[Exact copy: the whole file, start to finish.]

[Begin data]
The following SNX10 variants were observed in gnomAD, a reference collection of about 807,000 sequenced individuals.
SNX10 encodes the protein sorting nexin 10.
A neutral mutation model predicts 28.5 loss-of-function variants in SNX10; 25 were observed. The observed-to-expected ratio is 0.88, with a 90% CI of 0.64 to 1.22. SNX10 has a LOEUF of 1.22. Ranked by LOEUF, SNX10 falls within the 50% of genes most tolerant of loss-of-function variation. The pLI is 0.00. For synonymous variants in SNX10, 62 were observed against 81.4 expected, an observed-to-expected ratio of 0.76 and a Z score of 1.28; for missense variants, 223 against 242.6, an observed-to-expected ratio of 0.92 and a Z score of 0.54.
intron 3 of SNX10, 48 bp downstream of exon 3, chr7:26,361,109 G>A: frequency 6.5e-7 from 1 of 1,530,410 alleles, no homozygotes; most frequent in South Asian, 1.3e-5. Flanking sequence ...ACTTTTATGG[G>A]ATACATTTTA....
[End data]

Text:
The following SNX10 variants were observed in gnomAD, a reference collection of about 807,000 sequenced individuals.
SNX10 encodes the protein sorting nexin 10.
A neutral mutation model predicts 28.5 loss-of-function variants in SNX10; 25 were observed. The observed-to-expected ratio is 0.88, with a 90% CI of 0.64 to 1.22. SNX10 has a LOEUF of 1.22. Ranked by LOEUF, SNX10 falls within the 50% of genes most tolerant of loss-of-function variation. The pLI is 0.00. For synonymous variants in SNX10, 62 were observed against 81.4 expected, an observed-to-expected ratio of 0.76 and a Z score of 1.28; for missense variants, 223 against 242.6, an observed-to-expected ratio of 0.92 and a Z score of 0.54.
intron 3 of SNX10, 48 bp downstream of exon 3, chr7:26,361,109 G>A: frequency 6.5e-7 from 1 of 1,530,410 alleles, no homozygotes; most frequent in South Asian, 1.3e-5. Flanking sequence ...ACTTTTATGG[G>A]ATACATTTTA....